Scene Six: Heroine cools off. Realizes she and hero need to get along for the sake of their friends. The MCs hash out their past. Internal: She doesn’t like the jealousy she felt and realizes she has unresolved feelings she needs to sort out.
Turning point one (C): Attempts at being friends turns into a passionate kiss and chemistry sizzles. But if they don’t keep their hands off each other, they’ll end up right back where they were, making life miserable for each other and their friends.
And so it goes from C to D to E, or Turning Point One to Pinch Point One to Midpoint.
There are no set number of scenes for the journey between beats, but be aware of your word count and where the story’s major beats should fall.
You can work through the whole story before you start writing like a true plotter, or you can work through point A to C, write it, then outline the next—like I do as a plantser—with a map to help avoid going left when I should be going straight.
Scene Outlines and Scene Blocking
Let’s take it one step further.
I can get lost in writing a scene to my heart’s desire only to realize when I edit, I wasted a lot of time writing things that aren’t important in the grand scheme. That’s where scene outlining comes in.
With a scene outline, make a list of what is going to happen in that scene from start to finish before you write it. It keeps you on task so you accomplish what you wanted in the scene in order to move the story forward.
Hot Tip: For me, I never work through more than two or three scenes at a time. I prefer pen and paper for this, though I’d save some trees if I did it in my OneNote binder. I make a bulleted list of what’s going to happen in a particular scene, and check back on it as I write each time I’ve finished the previous task.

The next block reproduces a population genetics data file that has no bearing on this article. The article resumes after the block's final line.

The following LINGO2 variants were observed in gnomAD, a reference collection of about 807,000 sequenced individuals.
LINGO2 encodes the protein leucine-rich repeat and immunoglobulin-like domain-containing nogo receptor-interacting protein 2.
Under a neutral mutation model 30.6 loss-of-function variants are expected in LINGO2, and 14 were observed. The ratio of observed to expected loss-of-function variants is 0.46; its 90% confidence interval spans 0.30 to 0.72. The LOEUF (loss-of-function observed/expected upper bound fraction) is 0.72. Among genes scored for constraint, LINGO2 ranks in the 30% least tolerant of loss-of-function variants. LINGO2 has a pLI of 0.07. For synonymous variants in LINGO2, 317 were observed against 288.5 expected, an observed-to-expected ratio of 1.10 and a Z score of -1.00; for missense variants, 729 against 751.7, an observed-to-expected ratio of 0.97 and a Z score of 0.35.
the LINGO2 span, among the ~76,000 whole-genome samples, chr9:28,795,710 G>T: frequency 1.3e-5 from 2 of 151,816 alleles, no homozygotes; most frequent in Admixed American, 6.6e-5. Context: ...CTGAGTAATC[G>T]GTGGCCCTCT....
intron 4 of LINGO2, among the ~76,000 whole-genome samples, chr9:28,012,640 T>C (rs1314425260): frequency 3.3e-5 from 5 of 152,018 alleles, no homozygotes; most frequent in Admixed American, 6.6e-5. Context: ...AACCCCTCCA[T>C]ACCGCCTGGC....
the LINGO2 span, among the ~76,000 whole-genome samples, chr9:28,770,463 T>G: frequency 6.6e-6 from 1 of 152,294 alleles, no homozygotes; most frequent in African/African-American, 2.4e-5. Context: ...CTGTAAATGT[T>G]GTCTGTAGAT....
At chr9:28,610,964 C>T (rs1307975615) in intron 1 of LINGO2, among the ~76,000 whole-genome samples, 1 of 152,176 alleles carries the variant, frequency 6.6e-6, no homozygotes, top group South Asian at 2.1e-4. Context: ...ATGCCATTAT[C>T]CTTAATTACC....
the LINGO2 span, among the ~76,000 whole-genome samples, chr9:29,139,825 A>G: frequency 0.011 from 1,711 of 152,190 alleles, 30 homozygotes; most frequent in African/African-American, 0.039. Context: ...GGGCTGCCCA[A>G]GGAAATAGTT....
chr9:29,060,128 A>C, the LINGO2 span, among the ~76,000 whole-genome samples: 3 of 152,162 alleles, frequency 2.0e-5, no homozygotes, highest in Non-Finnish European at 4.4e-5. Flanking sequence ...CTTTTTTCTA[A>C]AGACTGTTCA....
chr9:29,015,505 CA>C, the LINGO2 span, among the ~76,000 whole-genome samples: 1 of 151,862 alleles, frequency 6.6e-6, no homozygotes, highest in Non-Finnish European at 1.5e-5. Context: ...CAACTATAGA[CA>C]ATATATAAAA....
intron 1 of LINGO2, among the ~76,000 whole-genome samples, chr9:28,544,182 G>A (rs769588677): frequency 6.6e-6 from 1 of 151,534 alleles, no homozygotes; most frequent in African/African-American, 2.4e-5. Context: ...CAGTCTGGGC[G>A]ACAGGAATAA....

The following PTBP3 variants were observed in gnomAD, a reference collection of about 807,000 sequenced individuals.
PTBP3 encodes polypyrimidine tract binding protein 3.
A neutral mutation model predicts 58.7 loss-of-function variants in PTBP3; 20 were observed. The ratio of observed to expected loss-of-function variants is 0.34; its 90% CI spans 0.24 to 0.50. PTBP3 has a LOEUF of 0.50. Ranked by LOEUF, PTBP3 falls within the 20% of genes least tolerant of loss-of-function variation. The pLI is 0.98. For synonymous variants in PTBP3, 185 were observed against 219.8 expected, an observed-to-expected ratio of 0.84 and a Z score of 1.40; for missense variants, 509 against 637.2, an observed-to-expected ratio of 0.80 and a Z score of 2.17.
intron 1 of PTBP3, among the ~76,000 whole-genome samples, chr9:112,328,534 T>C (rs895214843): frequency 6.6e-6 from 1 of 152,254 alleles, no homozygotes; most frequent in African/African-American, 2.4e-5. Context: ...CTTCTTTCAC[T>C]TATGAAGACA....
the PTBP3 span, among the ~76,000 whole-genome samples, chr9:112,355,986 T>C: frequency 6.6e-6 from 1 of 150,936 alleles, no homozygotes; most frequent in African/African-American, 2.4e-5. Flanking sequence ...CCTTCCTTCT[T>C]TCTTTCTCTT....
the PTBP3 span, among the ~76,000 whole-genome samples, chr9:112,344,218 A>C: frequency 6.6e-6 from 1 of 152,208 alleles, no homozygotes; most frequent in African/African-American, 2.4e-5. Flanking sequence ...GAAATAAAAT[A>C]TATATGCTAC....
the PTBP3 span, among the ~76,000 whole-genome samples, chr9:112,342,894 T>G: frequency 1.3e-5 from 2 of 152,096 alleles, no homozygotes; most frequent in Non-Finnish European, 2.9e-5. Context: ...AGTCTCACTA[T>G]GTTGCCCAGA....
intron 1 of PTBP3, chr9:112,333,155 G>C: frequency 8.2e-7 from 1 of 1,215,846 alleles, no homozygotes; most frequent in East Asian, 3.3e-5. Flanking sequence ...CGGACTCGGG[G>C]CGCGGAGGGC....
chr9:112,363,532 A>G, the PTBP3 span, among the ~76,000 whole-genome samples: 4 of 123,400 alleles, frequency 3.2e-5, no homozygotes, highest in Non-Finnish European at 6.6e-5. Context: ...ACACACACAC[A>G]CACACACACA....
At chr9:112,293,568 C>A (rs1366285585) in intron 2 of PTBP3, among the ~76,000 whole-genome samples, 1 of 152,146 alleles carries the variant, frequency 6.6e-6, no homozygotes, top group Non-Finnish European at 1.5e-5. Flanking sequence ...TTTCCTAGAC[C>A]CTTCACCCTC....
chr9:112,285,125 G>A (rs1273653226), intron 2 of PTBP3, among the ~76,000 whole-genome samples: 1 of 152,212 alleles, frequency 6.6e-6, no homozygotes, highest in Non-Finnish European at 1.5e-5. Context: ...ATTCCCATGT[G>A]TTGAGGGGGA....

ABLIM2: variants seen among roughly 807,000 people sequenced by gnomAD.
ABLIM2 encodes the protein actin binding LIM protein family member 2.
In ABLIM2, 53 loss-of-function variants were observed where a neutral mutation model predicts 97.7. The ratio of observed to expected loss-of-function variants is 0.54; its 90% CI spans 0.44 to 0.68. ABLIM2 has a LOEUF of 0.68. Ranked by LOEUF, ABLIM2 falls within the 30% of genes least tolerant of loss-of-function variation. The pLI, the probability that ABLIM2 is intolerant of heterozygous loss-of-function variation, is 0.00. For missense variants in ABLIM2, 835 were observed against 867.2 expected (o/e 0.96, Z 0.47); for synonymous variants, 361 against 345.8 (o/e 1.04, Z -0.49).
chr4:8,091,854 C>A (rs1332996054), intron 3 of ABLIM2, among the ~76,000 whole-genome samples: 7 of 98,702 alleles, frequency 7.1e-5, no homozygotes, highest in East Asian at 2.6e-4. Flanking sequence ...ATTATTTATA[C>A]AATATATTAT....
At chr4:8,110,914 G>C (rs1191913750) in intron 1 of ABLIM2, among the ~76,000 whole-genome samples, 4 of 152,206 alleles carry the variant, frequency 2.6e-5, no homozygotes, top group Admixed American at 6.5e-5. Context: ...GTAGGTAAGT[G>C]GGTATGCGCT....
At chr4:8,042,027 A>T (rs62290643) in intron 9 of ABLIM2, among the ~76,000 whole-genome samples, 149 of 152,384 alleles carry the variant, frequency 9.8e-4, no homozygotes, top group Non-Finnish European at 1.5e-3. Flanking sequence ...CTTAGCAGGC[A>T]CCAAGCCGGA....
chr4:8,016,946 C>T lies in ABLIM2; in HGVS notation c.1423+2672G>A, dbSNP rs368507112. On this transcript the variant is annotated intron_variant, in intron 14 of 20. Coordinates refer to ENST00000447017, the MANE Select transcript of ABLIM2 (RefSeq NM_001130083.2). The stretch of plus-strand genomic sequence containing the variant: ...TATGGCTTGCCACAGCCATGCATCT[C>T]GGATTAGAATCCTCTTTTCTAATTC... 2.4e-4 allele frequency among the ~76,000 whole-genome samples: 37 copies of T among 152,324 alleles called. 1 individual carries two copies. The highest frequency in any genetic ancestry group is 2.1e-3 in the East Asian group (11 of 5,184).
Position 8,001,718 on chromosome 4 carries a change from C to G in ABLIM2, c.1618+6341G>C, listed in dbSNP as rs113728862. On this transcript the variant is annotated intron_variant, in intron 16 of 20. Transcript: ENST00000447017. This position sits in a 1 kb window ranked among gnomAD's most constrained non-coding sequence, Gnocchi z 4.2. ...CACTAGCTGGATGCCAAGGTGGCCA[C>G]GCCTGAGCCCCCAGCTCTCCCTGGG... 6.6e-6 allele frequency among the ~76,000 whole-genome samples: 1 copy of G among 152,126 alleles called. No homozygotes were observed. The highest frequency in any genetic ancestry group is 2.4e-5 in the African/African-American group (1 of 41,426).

Scene blocking is a little different. It’s used to physically position your characters in the scene. Many writers do it intuitively as they write. Whether you do that or position Barbie and Ken dolls, you use blocking to be sure your characters aren’t doing anything physically impossible and/or their physical movements stay true to the scene’s intention.
In romance, blocking is particularly useful for choreographing sex scenes. Making sure it’s physically possible to insert tab A into slot B is important so you don’t give readers a WTF moment.
Hot Tip: You can buy specialized dolls that are highly posable for this purpose. Many artists and sculptors use them, and though I’m sure it’s very entertaining to block a sex scene this way, high quality dolls are expensive––plus, you’ll likely need at least two. However, I can personally verify that if you have a significant other, the two of you are excellent stand-ins and a lot more fun than the dolls.
Get Ready to Outline
Outlining is a great tool even if it isn’t for everyone, and there is no right or wrong way to do it. You have to find what’s most efficient for you, and sadly, that is all trial and error. If you’ve tried to outline and it’s not a comfortable process, you may be a tried-and-true pantser. If you outline a few scenes at a time like me, you’re probably a good little plantser, and if you have the details of every scene on your storyboard before you start typing, I am seriously in awe, you plotter, you. Everyone’s process is different. Take time to experiment until you find the process you’re most comfortable with.
What’s your favorite way to outline a novel? We’d love to hear from you in the comments about what processes and outlining tools you use.